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Togo: recent political and economic development

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  • Kohnert, Dirk

Abstract

Backed by peaceful but undemocratic presidential (2010) and legislative (July 2013) elections the Gnassingbé regime consolidated its power. In view of the absolute majority of the ruling party, its inclination for meaningful constitutional and electoral reforms, as demanded by the opposition and international donors, was further reduced. Overriding concerns for stability in West Africa in view of growing Islamist threats in neighbouring countries made that the delayed democratic reforms including the time and again reported local elections were condoned by the donor community. However, simmering discontent of the hardliners among the security forces and the barons of the ruling party was still visible. The opposition tried in vain to overcome its divide between its moderate and radical wing. An alliance of opposition parties and civic groups opposed the regime peacefully by frequent, often violently suppressed demonstrations with little effect. Arson attacks on the markets of Lomè and Kara in January 2013 served as pretense to harass opposition leaders. Human rights records of the government remained tarnished. The tense political climate persisted in view of the upcoming presidential elections in April 2015 and the apparent determination of the President to stay in power a third and eventually even a fourth term whatever the cost. Despite undeniable improvements of the framework and outside appearance of major institutions of the regime during the survey period it remained a façade democracy. However, the international community, notably African peers, the AU and ECOWAS, but also the Bretton-Woods Institutions, China and the EU, followed a ‘laissez faire’ approach in the interest of stability and their proper national interest in dealings with the country. Economic growth perspectives remained promising, expected to increase to 6.0% in 2014 and 6.3% in 2015, last but not least because of heavy assistance by the international donor community. However, growth is neither sustainable nor inclusive. It is overshadowed by increasing inter-personal and regional inequality as well as an upturn in extreme poverty.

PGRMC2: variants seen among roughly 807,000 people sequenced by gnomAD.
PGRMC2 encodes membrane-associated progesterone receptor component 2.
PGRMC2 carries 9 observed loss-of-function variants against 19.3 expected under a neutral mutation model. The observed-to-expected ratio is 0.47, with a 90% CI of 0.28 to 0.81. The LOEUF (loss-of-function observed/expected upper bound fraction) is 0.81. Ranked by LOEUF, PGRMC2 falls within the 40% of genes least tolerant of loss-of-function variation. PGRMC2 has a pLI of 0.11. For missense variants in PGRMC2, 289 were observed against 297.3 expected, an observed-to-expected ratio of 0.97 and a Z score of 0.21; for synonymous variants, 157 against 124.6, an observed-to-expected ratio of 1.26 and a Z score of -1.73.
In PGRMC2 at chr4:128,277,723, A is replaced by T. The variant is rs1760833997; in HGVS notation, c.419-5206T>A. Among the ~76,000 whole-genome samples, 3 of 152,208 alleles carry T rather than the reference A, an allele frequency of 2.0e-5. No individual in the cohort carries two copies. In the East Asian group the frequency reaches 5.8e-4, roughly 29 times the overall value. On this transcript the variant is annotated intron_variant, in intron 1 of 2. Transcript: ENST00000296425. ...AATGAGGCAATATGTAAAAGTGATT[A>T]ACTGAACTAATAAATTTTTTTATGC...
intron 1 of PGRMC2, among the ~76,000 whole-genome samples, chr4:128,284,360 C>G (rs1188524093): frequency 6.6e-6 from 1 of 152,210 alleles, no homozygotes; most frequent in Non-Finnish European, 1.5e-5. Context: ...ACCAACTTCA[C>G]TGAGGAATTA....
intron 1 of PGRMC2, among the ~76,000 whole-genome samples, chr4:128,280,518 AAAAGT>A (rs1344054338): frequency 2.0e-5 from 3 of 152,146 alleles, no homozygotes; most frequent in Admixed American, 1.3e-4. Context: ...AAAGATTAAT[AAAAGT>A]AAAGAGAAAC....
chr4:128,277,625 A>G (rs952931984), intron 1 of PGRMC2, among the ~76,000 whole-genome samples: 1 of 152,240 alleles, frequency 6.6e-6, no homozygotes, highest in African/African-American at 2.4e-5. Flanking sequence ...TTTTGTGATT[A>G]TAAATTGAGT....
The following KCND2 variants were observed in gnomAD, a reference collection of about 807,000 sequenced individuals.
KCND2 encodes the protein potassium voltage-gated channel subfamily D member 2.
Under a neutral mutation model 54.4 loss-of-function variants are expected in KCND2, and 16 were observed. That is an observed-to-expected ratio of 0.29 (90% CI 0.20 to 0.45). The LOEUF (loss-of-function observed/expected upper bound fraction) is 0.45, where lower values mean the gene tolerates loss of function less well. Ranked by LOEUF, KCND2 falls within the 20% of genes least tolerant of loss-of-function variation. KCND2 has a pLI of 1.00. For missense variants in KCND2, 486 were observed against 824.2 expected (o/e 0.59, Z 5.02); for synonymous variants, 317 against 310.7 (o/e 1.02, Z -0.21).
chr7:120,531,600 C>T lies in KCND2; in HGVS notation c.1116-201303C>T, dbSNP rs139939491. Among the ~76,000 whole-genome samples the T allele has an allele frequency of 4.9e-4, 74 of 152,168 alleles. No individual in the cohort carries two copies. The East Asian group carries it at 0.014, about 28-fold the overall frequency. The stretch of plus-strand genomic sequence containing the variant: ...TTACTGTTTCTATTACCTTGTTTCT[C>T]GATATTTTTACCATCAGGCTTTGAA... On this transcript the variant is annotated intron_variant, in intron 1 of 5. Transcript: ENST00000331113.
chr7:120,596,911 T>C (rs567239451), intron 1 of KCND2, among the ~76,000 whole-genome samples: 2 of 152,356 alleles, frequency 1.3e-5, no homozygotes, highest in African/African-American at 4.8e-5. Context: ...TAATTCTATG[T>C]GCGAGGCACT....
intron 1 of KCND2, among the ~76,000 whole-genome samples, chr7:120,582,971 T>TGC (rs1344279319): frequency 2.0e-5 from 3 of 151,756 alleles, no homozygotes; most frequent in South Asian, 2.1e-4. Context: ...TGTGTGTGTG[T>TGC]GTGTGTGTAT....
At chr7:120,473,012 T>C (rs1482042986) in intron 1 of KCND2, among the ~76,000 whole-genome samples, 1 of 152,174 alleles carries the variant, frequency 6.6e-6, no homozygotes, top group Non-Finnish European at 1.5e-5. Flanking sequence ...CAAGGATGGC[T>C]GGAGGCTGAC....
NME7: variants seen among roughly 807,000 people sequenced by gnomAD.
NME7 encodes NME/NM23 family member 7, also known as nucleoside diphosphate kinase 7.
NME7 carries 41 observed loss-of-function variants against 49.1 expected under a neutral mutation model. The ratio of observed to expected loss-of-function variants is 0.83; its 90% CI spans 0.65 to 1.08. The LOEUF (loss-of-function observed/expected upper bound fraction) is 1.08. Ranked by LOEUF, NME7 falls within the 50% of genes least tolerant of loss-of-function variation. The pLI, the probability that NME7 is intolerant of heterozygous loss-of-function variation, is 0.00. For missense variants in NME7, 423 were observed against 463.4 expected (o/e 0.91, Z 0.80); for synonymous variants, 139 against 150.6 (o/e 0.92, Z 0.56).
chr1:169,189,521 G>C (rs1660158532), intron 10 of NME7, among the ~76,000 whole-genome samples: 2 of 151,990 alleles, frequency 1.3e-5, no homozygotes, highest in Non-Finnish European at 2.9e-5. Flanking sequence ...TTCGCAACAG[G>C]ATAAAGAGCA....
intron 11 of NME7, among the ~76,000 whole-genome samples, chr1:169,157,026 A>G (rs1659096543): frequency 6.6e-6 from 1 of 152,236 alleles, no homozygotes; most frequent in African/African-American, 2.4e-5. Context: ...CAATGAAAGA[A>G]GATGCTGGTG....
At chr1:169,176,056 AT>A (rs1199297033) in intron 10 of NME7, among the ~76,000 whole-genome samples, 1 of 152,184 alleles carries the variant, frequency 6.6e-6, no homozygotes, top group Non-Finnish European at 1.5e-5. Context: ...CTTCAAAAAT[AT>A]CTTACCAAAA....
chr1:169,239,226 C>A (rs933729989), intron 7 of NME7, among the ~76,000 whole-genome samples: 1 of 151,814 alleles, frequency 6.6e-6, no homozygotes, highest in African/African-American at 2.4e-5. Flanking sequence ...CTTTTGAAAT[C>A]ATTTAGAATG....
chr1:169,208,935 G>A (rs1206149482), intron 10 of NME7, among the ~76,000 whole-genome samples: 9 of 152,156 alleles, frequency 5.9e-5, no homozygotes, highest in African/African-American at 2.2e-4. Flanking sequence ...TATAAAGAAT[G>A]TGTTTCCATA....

Suggested Citation

  • Kohnert, Dirk, 2015. "Togo: recent political and economic development," MPRA Paper 62029, University Library of Munich, Germany.
  • Handle: RePEc:pra:mprapa:62029
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    References listed on IDEAS

    as
    1. Kohnert, Dirk, 2007. "Togo: Failed election and misguided aid at the roots of economic misery," MPRA Paper 5207, University Library of Munich, Germany.
    2. Kohnert, Dirk, 2014. "African Agency and EU-African Economic Partnership Agreements," EconStor Open Access Articles, ZBW - German National Library of Economics, pages 149-155.
    3. Marco Gardini, 2012. "Land Transactions and Chieftaincies in Southwestern Togo," Africa Spectrum, Institute of African Affairs, GIGA German Institute of Global and Area Studies, Hamburg, vol. 47(1), pages 51-72.
    Full references (including those not matched with items on IDEAS)

    More about this item

    Keywords

    democratization; governance; fragile states; economic development; aid; EU; Togo; West Africa; ECOWAS;

    JEL classification:

    • A14 - General Economics and Teaching - - General Economics - - - Sociology of Economics
    • F35 - International Economics - - International Finance - - - Foreign Aid
    • H7 - Public Economics - - State and Local Government; Intergovernmental Relations
    • N97 - Economic History - - Regional and Urban History - - - Africa; Oceania
    • O17 - Economic Development, Innovation, Technological Change, and Growth - - Economic Development - - - Formal and Informal Sectors; Shadow Economy; Institutional Arrangements
    • O55 - Economic Development, Innovation, Technological Change, and Growth - - Economywide Country Studies - - - Africa
    • Z13 - Other Special Topics - - Cultural Economics - - - Economic Sociology; Economic Anthropology; Language; Social and Economic Stratification

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